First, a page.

Capital markets essentially provide the conduit for money to find its way into rewarding assets.

For that to work properly, the market prefers relative stability and liquidity. 

Volatile markets make prices less reliable.

Liquidity dries up quickly during periods of financial stress.

At last month’s FOMC meeting, chairman of the Fed, Jerome Powell, announced the third 75-basis point-rate hike in a row.

What got attention was the degree to which the Fed is projecting the need for tighter monetary policy.

Some argue that financial conditions are already tight enough.

The price of commodities, housing, and goods have already started coming down.

Therefore, it is important to ask: Is the Fed looking at the same market-oriented data that stock market participants are looking at?

By his own admission, Chairman Powell referred to the data as by default, lagging.

The market is concerned that the Fed will tighten financial conditions well beyond the point at which it would be necessary to tame inflation.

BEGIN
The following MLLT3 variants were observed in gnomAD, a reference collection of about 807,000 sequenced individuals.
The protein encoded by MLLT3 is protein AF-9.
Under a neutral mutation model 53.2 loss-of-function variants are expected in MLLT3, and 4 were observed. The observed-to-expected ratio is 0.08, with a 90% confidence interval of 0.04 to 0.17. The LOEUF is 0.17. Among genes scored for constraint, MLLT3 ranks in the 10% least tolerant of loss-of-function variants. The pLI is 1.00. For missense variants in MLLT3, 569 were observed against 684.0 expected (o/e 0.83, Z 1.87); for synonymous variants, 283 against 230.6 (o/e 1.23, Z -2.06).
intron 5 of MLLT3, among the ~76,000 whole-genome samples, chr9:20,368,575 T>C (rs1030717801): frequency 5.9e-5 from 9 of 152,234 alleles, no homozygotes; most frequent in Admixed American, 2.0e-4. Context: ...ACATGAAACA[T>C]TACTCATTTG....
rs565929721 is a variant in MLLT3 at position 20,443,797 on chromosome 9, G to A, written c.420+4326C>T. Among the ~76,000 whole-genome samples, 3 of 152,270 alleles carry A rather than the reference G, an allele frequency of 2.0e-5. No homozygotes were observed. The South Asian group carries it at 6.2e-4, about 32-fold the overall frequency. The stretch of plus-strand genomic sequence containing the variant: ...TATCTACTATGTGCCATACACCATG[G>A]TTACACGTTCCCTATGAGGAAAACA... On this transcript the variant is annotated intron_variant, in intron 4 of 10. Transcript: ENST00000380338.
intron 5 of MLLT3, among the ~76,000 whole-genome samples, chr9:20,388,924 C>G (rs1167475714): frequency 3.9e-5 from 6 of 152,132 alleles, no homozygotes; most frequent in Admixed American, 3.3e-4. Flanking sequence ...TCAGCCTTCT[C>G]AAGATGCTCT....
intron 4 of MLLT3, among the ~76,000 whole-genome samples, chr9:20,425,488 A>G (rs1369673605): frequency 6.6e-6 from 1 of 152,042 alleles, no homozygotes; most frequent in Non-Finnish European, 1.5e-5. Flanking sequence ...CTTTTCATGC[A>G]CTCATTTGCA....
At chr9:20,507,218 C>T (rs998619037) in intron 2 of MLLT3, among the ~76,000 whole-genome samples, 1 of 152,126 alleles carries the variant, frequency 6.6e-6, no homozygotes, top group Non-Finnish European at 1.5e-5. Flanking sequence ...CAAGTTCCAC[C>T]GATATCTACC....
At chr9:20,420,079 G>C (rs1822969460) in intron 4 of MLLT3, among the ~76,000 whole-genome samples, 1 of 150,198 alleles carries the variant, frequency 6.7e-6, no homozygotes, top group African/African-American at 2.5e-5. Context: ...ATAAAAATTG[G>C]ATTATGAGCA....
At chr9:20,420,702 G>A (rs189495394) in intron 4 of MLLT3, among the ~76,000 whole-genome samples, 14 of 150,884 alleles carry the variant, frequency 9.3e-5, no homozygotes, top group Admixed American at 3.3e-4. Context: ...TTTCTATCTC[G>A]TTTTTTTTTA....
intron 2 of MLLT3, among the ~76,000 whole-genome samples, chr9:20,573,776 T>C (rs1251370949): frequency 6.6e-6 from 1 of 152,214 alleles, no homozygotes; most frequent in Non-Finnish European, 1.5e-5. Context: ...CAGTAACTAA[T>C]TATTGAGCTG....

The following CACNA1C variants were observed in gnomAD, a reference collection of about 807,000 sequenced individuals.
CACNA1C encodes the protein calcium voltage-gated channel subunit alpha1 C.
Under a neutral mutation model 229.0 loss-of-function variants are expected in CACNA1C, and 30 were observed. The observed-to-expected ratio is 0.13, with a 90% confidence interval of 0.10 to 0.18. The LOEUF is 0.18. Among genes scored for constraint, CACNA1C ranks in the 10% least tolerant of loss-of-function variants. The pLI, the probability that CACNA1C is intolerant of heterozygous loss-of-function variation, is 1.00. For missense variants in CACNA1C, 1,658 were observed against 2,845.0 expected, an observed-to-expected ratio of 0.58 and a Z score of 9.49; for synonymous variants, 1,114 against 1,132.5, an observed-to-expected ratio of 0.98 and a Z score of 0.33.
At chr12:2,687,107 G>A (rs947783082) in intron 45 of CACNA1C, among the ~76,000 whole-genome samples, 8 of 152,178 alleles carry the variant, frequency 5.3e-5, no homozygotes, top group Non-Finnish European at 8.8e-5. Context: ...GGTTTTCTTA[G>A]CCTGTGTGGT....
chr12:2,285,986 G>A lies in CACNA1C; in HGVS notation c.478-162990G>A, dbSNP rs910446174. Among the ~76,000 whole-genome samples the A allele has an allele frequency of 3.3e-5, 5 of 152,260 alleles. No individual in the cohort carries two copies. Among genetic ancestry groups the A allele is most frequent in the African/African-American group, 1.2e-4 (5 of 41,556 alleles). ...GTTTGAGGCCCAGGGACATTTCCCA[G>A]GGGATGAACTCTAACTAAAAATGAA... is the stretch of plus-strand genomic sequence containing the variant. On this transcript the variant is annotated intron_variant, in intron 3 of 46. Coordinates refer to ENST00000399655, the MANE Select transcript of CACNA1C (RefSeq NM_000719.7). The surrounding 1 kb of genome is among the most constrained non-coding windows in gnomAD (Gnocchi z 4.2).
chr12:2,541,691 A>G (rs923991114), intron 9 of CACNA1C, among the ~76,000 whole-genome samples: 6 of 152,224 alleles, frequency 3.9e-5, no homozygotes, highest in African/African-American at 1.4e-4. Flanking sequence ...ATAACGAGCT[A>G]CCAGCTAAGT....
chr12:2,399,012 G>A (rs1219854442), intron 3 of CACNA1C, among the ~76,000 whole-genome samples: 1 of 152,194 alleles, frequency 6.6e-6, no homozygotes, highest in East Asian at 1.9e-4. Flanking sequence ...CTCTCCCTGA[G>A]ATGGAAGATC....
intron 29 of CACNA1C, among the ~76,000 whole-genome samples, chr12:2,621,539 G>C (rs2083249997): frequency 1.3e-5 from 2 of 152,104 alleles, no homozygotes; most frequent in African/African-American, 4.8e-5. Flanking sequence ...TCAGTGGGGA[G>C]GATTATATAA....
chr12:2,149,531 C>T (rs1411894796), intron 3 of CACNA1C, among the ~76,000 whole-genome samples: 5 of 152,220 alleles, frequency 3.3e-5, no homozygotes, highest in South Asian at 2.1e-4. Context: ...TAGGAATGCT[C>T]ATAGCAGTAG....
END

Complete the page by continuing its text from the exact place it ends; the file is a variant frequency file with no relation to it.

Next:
At the September 2021 Fed Meeting, when housing prices were rising at an accelerating rate, the Fed may have been complacent.

The view was that inflation was ‘transitory’.

The Fed may be guilty of two policy mistakes.

They under-corrected when they should have started tightening monetary policy.

Once inflation got out of control with a 40-year high, the Fed had to act aggressively. 

Now they may be over-correcting to the other side.

What is the conclusion? Patience.

The market needs to have patience with the Fed.

The market needs to accept that the Fed is always a bit behind due to their need for concrete evidence.

Investors need to have patience with the market. 

Modest interest rate hikes of 25 to 50 basis points are far easier for the market to absorb.

It is highly unusual to increase interest rates 3% during one calendar year, and we are not done yet!

The market needs to see the Fed pivot to at a more neutral stance.

The Fed will not budge until it has clear evidence that their inflation indicators are coming down.

Investors should not be deterred from their long-term investment plans.

While this should have been a lengthier and more boring process, the task at hand is no small feat. 

We are resetting global financial conditions to a post-pandemic world.

Patience is a most worthy virtue indeed.

Mendoza Private Wealth

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